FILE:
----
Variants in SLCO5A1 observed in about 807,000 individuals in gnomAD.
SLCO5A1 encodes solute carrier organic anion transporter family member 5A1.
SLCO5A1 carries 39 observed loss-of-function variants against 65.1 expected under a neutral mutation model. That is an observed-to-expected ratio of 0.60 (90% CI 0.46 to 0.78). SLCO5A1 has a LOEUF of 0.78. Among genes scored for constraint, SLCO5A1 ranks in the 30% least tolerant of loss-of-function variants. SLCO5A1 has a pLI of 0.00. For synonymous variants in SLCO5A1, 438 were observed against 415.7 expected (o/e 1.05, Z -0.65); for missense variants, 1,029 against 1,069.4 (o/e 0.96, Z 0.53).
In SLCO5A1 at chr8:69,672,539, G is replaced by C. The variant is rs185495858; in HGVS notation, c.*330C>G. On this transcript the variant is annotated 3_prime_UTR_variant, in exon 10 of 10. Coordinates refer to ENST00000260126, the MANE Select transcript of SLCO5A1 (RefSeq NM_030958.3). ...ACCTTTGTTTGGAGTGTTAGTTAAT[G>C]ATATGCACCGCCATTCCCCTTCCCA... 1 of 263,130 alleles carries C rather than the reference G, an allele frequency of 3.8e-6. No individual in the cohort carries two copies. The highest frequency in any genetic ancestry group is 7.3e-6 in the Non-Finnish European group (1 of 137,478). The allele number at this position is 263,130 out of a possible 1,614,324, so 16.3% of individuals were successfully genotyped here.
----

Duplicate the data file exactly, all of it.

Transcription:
Variants in SLCO5A1 observed in about 807,000 individuals in gnomAD.
SLCO5A1 encodes solute carrier organic anion transporter family member 5A1.
SLCO5A1 carries 39 observed loss-of-function variants against 65.1 expected under a neutral mutation model. That is an observed-to-expected ratio of 0.60 (90% CI 0.46 to 0.78). SLCO5A1 has a LOEUF of 0.78. Among genes scored for constraint, SLCO5A1 ranks in the 30% least tolerant of loss-of-function variants. SLCO5A1 has a pLI of 0.00. For synonymous variants in SLCO5A1, 438 were observed against 415.7 expected (o/e 1.05, Z -0.65); for missense variants, 1,029 against 1,069.4 (o/e 0.96, Z 0.53).
In SLCO5A1 at chr8:69,672,539, G is replaced by C. The variant is rs185495858; in HGVS notation, c.*330C>G. On this transcript the variant is annotated 3_prime_UTR_variant, in exon 10 of 10. Coordinates refer to ENST00000260126, the MANE Select transcript of SLCO5A1 (RefSeq NM_030958.3). ...ACCTTTGTTTGGAGTGTTAGTTAAT[G>C]ATATGCACCGCCATTCCCCTTCCCA... 1 of 263,130 alleles carries C rather than the reference G, an allele frequency of 3.8e-6. No individual in the cohort carries two copies. The highest frequency in any genetic ancestry group is 7.3e-6 in the Non-Finnish European group (1 of 137,478). The allele number at this position is 263,130 out of a possible 1,614,324, so 16.3% of individuals were successfully genotyped here.